I started with absolutely nothing. Now, thanks to years of hard work, careful planning, and perseverance, I find I still have most of it left.
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#35
  Re: Dust collection layout? by ®smpr_fi_mac® (I'm soon moving into...)
After posting, I was thinking about that. Unless I were to build a larger impeller housing, I didn't think it would move more air.

I'll check out the motor's speed.
Semper fi,
Brad

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#36
  Re: Dust collection layout? by ®smpr_fi_mac® (I'm soon moving into...)
If at some point, you do set up a piping system, I would use galvanized pipe rather than PVC. It is readily available and less expensive if you use snap lock. Fittings are also less expensive.

As for the floor plan, I would swap locations between the lathe and dust collector. From the bottom right corner of the plan, one branch can run diagonally toward the drill press. The other branch parallel to the right wall.

I found a 2hp bag unit to be a bit lacking. A cyclone designed for wood with a minimum 2hp motor would be my preference.
My .02
Karl




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#37
  Re: Dust collection layout? by ®smpr_fi_mac® (I'm soon moving into...)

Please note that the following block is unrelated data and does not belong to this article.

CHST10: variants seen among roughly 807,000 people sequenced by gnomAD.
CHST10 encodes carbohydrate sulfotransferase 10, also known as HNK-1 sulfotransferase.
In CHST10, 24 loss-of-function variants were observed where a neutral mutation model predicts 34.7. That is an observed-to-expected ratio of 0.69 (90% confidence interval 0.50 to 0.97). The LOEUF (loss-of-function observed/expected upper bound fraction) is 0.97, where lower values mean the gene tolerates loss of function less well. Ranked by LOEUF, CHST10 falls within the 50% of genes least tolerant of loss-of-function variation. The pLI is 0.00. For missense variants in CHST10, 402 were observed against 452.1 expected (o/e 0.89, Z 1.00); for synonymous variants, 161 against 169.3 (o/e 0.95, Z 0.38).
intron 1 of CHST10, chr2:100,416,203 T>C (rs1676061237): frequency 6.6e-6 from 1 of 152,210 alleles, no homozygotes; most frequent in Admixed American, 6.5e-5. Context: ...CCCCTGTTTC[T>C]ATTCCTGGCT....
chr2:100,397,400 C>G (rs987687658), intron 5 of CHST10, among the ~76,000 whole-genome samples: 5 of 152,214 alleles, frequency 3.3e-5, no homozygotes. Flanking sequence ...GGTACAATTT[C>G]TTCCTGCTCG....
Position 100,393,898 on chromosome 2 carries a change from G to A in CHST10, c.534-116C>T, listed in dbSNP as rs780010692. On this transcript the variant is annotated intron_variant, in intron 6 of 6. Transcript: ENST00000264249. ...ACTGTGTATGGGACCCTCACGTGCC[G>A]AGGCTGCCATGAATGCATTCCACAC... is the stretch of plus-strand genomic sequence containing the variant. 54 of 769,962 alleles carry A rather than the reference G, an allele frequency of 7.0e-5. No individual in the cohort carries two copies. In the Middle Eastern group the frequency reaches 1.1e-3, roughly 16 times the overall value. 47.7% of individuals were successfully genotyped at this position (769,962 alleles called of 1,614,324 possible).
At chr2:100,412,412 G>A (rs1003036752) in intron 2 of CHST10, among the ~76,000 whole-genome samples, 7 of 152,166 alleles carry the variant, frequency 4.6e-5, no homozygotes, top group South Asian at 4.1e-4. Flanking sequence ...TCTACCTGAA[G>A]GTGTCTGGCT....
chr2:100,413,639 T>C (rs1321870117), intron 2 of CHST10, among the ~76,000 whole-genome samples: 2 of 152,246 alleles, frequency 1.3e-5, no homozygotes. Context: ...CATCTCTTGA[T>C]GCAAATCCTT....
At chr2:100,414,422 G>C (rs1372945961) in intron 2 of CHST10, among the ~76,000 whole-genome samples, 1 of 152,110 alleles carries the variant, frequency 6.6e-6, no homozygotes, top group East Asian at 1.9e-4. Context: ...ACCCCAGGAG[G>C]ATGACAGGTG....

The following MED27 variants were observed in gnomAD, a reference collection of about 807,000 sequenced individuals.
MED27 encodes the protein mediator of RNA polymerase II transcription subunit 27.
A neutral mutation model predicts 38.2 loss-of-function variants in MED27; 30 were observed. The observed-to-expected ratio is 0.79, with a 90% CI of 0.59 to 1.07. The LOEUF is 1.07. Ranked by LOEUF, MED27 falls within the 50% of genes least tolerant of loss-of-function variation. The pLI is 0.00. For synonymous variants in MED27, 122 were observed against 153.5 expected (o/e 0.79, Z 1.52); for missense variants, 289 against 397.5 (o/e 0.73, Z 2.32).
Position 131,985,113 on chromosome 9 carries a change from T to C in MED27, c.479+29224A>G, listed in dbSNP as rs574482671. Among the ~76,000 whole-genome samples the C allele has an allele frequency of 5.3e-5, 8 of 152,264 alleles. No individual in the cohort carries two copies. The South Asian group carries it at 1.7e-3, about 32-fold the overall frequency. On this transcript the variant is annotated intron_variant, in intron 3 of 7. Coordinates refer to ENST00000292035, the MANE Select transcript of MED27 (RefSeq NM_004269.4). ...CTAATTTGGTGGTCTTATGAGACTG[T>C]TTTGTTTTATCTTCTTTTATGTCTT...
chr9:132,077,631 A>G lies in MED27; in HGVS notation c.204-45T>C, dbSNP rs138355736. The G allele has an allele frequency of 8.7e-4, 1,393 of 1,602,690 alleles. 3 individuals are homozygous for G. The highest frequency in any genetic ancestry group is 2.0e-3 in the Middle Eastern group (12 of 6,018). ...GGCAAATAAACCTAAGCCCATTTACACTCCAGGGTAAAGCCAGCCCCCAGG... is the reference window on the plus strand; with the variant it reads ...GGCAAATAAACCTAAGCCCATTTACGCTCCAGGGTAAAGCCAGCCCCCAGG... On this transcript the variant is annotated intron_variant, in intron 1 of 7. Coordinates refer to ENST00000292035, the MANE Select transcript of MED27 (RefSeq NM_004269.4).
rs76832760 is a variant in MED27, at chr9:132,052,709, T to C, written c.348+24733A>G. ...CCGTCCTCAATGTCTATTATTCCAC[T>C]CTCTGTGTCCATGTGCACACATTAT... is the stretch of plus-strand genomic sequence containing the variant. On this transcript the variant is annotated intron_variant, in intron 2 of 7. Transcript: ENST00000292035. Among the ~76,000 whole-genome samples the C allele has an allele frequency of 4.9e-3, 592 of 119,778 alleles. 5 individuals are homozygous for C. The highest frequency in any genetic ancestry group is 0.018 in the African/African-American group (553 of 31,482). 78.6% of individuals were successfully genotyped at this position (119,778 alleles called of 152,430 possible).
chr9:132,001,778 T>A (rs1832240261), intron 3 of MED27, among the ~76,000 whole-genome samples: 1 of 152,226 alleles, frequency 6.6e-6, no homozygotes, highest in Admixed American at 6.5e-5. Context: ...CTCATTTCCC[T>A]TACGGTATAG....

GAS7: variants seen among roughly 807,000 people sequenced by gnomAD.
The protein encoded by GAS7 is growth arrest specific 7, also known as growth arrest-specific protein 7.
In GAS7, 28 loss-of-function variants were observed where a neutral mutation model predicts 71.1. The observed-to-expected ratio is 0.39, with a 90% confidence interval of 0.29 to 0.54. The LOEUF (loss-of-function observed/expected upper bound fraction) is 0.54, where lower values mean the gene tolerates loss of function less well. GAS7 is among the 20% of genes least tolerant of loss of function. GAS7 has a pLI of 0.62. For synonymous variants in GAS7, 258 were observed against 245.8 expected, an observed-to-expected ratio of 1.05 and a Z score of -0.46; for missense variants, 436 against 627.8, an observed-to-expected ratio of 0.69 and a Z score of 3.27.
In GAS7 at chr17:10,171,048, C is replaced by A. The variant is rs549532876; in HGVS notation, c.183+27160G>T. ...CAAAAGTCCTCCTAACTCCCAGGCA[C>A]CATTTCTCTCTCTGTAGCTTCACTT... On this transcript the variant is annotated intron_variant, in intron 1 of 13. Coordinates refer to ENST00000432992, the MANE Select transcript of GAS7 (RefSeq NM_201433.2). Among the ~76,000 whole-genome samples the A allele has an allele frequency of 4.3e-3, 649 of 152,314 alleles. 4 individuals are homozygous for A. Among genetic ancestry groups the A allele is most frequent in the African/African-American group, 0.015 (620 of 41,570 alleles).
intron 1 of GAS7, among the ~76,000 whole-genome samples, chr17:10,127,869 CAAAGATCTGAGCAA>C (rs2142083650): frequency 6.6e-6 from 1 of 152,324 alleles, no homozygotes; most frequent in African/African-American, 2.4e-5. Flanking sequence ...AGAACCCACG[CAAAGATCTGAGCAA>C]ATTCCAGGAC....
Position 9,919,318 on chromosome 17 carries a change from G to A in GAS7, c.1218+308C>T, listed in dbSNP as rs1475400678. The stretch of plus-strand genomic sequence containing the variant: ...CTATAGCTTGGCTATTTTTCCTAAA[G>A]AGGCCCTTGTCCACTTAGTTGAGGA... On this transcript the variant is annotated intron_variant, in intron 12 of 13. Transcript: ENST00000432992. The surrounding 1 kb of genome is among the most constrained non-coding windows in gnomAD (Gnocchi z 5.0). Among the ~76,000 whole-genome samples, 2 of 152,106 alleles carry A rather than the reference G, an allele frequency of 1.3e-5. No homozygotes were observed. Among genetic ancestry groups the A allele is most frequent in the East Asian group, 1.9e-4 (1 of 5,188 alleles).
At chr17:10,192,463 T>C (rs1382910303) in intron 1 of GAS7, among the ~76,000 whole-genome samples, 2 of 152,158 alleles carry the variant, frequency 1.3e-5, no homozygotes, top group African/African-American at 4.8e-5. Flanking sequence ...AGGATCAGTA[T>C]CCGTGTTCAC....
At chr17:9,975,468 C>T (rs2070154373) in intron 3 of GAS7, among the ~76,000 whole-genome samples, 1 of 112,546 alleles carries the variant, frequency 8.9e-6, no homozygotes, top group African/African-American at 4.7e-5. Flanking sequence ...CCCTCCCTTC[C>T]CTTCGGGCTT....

So the motor is a 3400.

For now I'll run it with one main line and a flexible hose that will reach my machines.

In the future, though, I may get a 3hp motor and build a larger impeller housing. This one is just stamped steel. I imagine that with 1/4" ply I can build a larger housing and marry it up to the cyclone I have now. I have several projects ahead of it.

Thoughts?


By the way: Thanks for all the advice. I've learned a lot in this thread.


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Semper fi,
Brad

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#38
  Re: RE: Dust collection layout? by ®smpr_fi_mac® (So the motor is a 34...)
(01-11-2020, 12:07 PM)®smpr_fi_mac® Wrote: In the future, though, I may get a 3hp motor and build a larger impeller housing.  This one is just stamped steel.  I imagine that with 1/4" ply I can build a larger housing and marry it up to the cyclone I have now.  

Impeller housings need to be smooth and symmetrical. Otherwise you will get a ton of turbulence in the air, massively lowering performance. Sounds like a real task to make one out of plywood, that would be a positive improvement. 

You would be far ahead finding a old Jet or HF unit on craigslist, and swap the motor and impeller with housing with the motor and impeller on your setup. Easy enough swap.....probably would take 15 minutes.

Once Favre hangs it up though, it years of cellar dwelling for the Pack. (Geoff 12-18-07)  



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#39
  Re: Dust collection layout? by ®smpr_fi_mac® (I'm soon moving into...)
This impeller housing is welded to the cyclone.

It'll serve me fine for a good long time, I'm sure. I'll probably just end up selling it in the future and getting a bigger unit if my needs demand it.

Thanks!
Semper fi,
Brad

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#40
  Re: Dust collection layout? by ®smpr_fi_mac® (I'm soon moving into...)
At this point that's probably the best plan.
I started with absolutely nothing. Now, thanks to years of hard work, careful planning, and perseverance, I find I still have most of it left.